The counterpoint to this wordless seduction where Brandon is one witty line from sealing the deal, is the two actual dates we see him go on with his co-worker Marianne. In these scenes he seems quiet, reserved, and distant. He is without any of the confidence he wears when acting on his compulsions. In a way, he seems like Michael Fassbender on a date with an intelligent beautiful woman, but completely unaware that he looks and sounds like Michael Fassbender. Such moments of inhibition happen time and again in this film, since Brandon’s addiction is eroding his social graces…like a drug addict’s baby fat, or an alcoholic’s liver.

As if all of this doesn’t distance us enough, there’s Carey Mulligan throwing a wrench into the works. Mulligan brings the sort of doe-eyed pluck that she has perfected in two short years, but this time around she does so while wearing the shroud of another wounded soul. Sissy is obviously damaged, and to say that her relationship with Brandon is unusual is putting it mildly. Like the grindingly-slow version of “New York, New York” she sings, she is both plucky and sad all at once, leaving us unsure of how to handle her. Put these two people together, and you soon find yourself wanting to leave the room out of discomfort.

What these facets of character studies turn into, is a film that is polarizing and wickedly cold. I was drawn to that emotional disconnect since I found it elegant, though unpleasant. Director Steve McQueen has enough faith in his audience to let the film unroll slowly; completely introducing us to Brandon and his routine  before getting into the actual meat of the story. Every scene is deliberate and methodical – which is where the audience divide comes in. By making the audience spend so much time with people they don’t like doing things we don’t like, SHAME runs the risk of turning us against it. It’s a film with a full arsenal of sex scenes, and none of them entice. In that way, the movie is like a beautifully captured photograph of rotting fruit. Pretty lookin’, but off-putting.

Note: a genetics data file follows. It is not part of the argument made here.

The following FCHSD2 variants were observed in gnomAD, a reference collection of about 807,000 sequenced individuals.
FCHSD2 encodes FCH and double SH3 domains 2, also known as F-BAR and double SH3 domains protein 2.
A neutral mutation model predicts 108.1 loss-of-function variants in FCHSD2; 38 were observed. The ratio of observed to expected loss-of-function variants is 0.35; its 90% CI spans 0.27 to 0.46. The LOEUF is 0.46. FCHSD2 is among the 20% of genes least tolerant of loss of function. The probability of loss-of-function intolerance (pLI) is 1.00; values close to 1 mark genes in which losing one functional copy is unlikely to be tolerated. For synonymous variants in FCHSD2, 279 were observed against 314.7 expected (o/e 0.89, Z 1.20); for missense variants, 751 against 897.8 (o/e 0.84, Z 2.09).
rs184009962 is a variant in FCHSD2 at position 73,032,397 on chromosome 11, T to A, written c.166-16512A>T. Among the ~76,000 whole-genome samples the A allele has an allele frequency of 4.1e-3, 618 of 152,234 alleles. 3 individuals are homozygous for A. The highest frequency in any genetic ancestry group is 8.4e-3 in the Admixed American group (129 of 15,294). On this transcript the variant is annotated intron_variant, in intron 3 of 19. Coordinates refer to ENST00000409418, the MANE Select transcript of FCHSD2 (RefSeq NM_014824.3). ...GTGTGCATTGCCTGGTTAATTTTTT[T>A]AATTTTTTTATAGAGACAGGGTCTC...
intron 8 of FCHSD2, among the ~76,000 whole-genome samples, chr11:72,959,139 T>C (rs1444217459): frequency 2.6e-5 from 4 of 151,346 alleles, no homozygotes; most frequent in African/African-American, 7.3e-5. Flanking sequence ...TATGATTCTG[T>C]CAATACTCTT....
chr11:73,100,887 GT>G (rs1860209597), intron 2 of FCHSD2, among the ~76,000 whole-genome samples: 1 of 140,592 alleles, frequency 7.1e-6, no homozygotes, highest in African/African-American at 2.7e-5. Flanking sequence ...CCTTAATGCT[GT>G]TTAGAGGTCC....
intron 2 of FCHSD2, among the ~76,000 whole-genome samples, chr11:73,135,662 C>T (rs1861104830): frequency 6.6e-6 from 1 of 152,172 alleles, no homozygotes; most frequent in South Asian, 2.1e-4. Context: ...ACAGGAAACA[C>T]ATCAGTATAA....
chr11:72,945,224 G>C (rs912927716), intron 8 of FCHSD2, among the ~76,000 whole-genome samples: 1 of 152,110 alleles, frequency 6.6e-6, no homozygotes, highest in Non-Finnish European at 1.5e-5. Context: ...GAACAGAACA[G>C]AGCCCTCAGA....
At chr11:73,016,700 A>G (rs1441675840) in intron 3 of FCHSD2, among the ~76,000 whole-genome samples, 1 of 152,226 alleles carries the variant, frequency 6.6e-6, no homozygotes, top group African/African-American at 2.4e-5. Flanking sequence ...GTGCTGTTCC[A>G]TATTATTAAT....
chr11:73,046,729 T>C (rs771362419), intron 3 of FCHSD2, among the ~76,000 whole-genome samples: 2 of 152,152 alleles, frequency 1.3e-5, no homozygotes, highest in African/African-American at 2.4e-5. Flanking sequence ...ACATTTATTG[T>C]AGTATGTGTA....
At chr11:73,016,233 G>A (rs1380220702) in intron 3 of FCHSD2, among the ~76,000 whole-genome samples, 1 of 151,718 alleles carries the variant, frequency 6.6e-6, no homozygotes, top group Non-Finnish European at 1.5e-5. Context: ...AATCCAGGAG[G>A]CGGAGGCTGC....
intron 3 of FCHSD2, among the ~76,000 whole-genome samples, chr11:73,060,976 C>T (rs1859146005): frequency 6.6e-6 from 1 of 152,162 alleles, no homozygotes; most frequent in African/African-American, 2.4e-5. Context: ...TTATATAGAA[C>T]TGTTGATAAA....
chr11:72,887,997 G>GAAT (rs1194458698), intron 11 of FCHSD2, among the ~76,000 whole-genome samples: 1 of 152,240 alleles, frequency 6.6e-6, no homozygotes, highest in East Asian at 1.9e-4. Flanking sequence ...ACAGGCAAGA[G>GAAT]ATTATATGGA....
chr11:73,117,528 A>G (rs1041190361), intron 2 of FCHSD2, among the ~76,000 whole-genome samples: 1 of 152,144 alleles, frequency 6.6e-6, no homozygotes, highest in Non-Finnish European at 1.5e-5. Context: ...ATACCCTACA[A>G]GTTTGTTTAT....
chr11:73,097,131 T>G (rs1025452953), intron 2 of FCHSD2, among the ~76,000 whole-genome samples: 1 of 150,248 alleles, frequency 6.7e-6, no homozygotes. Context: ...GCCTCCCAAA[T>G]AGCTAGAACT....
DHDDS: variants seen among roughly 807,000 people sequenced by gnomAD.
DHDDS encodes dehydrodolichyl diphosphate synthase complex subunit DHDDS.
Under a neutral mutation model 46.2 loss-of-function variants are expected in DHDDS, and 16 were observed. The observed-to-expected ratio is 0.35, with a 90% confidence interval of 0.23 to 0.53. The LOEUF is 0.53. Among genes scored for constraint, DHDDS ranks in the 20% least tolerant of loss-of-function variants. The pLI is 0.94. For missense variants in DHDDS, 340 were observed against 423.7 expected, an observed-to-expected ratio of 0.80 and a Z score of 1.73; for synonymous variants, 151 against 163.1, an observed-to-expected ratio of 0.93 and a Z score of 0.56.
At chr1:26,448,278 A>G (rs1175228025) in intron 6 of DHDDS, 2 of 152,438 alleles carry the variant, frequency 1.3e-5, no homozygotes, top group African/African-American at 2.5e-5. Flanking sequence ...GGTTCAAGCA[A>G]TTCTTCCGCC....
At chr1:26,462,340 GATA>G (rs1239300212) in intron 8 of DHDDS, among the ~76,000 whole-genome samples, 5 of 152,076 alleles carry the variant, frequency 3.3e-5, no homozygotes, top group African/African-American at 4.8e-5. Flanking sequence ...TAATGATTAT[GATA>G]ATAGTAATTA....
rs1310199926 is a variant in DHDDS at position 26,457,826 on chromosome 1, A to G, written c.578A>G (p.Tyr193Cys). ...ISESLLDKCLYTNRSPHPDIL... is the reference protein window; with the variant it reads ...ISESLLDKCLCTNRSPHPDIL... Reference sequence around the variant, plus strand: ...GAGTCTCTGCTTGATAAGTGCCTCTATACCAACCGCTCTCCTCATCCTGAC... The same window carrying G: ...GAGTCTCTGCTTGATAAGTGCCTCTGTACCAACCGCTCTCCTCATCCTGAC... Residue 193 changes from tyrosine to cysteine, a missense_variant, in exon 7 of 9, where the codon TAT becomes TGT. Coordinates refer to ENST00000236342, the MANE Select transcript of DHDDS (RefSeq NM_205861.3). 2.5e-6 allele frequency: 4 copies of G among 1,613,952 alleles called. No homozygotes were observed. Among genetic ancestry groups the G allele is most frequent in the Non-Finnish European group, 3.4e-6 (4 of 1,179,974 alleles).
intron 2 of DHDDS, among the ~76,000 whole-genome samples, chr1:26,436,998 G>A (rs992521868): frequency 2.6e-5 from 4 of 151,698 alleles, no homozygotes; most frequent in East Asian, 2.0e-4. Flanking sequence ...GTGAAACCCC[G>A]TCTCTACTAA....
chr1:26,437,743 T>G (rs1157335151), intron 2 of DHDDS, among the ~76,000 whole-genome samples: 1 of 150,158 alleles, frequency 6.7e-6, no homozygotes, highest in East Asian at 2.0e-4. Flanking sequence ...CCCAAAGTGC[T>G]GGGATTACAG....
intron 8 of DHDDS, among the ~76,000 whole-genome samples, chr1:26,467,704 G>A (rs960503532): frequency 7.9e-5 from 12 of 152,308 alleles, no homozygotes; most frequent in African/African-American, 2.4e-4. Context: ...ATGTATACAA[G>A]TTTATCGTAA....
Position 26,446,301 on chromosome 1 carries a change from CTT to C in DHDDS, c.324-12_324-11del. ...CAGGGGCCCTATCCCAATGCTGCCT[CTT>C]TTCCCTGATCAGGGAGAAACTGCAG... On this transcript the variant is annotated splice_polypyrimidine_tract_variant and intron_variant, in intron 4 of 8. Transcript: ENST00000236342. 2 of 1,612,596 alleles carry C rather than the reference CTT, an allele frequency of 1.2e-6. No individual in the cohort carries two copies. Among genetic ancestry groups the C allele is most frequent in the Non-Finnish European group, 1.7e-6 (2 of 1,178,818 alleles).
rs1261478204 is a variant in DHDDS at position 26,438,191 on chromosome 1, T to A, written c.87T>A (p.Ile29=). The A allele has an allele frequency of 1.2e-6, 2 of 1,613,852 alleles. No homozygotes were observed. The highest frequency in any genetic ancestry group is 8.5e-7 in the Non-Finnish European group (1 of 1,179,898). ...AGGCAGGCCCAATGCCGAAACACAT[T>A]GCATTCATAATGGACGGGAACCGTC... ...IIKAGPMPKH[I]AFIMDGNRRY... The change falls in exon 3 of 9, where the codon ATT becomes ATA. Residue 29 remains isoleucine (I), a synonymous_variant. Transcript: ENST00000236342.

For me, it’s that unease that makes the film a success. It certainly isn’t interested in titillating the audience with the sexual content, because the protagonist himself isn’t titillated. It’s not interested in resonating emotionally, again because the hero can’t find any emotional reonance. Instead, it embodies the very deception of a sexual addict by being outwardly beautiful, but spiritually hollow.

Brandon’s journey might play as fits-and-starts, and some of his actions might feel perplexing, but such is the nature with addiction. He’ll keep going further and further looking for a higher high, a more exciting vice, until he ultimately bottoms-out or self-destructs. Both Brandon and Sissy give us glimpses of true emotion in the final act, but by then the damage is done. It feels like we’ve caught them cheating again and they’re starting every sentence with “Baby please…”. It’s a strange mindset befitting a strange story about a strange addiction.

Matineescore: ★ ★ ★ out of ★ ★ ★ ★
What did you think? Please leave comments with your thoughts and reactions on SHAME.